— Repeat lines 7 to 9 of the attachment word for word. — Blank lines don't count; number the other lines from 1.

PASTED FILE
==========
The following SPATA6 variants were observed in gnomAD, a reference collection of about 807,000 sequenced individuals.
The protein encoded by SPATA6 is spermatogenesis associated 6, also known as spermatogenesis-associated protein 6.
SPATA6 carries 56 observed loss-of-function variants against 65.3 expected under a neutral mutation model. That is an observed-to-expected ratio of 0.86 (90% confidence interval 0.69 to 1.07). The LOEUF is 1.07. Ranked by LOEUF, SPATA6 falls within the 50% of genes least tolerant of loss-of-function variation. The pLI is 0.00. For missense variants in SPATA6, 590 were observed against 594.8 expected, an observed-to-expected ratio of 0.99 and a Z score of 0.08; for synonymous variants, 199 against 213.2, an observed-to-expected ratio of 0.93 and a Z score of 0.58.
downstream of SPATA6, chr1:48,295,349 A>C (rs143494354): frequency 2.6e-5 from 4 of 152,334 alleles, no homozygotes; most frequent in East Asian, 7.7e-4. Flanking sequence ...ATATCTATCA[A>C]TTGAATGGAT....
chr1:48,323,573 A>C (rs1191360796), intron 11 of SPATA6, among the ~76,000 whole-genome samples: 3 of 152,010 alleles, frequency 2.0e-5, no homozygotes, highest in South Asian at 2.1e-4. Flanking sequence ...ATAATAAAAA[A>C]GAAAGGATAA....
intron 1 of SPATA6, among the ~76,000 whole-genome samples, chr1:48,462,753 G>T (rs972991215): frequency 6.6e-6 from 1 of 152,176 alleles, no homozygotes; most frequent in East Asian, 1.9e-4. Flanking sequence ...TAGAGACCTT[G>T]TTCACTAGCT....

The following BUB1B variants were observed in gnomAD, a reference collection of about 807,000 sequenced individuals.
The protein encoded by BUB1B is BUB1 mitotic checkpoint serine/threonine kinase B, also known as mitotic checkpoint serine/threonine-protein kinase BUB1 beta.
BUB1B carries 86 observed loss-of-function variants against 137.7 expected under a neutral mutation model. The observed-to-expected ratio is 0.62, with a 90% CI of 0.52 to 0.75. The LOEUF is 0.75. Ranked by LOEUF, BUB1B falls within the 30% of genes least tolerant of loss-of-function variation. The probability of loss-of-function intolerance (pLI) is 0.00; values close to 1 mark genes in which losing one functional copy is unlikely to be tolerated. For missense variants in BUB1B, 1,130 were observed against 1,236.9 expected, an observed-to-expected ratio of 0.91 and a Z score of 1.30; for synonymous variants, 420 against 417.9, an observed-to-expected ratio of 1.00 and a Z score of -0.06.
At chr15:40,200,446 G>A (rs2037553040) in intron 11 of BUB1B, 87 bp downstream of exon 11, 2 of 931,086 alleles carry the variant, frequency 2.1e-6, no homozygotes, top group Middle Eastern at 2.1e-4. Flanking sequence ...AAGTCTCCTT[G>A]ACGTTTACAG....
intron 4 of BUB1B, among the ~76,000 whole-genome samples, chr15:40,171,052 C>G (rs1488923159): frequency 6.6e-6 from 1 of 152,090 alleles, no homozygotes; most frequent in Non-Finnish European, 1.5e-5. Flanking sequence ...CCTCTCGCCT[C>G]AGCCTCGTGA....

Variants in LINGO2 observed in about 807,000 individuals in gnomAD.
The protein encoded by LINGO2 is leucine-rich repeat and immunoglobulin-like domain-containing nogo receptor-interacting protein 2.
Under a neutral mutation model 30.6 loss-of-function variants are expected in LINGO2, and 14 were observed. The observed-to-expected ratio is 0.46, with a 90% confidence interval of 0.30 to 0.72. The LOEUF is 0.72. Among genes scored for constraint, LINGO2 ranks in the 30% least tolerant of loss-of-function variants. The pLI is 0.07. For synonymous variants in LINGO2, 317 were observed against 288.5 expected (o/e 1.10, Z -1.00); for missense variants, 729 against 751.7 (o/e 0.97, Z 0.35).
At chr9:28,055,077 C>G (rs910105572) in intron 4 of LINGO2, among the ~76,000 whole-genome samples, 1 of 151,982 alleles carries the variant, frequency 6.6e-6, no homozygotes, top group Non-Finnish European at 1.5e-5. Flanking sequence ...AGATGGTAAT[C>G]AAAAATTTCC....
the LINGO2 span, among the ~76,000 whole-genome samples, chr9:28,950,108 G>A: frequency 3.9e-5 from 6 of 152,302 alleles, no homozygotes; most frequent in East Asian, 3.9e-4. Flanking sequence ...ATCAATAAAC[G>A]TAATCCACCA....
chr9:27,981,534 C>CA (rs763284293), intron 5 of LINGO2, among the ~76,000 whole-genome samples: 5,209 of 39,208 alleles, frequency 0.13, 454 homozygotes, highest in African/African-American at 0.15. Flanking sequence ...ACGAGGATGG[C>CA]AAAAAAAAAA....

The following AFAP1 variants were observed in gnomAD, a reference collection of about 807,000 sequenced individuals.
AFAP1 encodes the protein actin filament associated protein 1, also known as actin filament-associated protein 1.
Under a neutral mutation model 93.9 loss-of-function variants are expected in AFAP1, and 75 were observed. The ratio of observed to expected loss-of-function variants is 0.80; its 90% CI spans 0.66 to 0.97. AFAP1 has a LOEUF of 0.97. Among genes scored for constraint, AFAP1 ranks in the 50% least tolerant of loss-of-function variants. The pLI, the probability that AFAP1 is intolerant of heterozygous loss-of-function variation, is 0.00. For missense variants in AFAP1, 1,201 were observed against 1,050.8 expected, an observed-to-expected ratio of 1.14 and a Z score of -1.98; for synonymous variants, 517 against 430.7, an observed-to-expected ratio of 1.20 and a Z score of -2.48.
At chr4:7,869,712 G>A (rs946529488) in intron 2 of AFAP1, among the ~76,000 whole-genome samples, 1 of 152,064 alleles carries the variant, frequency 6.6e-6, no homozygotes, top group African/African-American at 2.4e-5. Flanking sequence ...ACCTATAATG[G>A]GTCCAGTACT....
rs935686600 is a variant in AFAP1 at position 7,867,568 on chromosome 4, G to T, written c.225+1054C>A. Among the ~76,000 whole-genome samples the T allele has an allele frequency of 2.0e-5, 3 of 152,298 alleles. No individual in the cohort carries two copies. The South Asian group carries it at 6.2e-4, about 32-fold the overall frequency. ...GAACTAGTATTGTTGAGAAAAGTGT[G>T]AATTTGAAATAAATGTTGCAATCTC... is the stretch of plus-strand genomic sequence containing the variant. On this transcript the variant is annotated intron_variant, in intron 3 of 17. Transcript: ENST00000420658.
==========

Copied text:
The following BUB1B variants were observed in gnomAD, a reference collection of about 807,000 sequenced individuals.
The protein encoded by BUB1B is BUB1 mitotic checkpoint serine/threonine kinase B, also known as mitotic checkpoint serine/threonine-protein kinase BUB1 beta.
BUB1B carries 86 observed loss-of-function variants against 137.7 expected under a neutral mutation model. The observed-to-expected ratio is 0.62, with a 90% CI of 0.52 to 0.75. The LOEUF is 0.75. Ranked by LOEUF, BUB1B falls within the 30% of genes least tolerant of loss-of-function variation. The probability of loss-of-function intolerance (pLI) is 0.00; values close to 1 mark genes in which losing one functional copy is unlikely to be tolerated. For missense variants in BUB1B, 1,130 were observed against 1,236.9 expected, an observed-to-expected ratio of 0.91 and a Z score of 1.30; for synonymous variants, 420 against 417.9, an observed-to-expected ratio of 1.00 and a Z score of -0.06.